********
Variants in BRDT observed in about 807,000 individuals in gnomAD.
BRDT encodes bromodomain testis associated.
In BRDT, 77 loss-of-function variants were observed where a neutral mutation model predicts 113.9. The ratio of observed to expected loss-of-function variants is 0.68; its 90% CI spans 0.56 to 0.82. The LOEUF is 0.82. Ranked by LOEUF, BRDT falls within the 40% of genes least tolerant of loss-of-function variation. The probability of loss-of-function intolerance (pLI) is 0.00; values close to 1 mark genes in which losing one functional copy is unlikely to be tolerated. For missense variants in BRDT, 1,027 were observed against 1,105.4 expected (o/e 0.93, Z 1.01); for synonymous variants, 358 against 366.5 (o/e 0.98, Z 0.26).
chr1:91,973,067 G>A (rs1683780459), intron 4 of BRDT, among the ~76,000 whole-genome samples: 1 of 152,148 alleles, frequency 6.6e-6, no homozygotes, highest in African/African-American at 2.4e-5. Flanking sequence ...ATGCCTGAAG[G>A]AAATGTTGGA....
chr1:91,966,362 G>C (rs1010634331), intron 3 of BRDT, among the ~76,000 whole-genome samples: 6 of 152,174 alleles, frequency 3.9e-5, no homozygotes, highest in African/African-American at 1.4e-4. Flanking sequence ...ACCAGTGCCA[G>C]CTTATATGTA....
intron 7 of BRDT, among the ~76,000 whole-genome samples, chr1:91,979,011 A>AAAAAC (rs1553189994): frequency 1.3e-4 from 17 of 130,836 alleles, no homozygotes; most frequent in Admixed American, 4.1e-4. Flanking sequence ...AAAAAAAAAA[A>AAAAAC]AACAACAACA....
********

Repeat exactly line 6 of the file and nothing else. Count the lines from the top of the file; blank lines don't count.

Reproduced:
intron 7 of BRDT, among the ~76,000 whole-genome samples, chr1:91,979,011 A>AAAAAC (rs1553189994): frequency 1.3e-4 from 17 of 130,836 alleles, no homozygotes; most frequent in Admixed American, 4.1e-4. Flanking sequence ...AAAAAAAAAA[A>AAAAAC]AACAACAACA....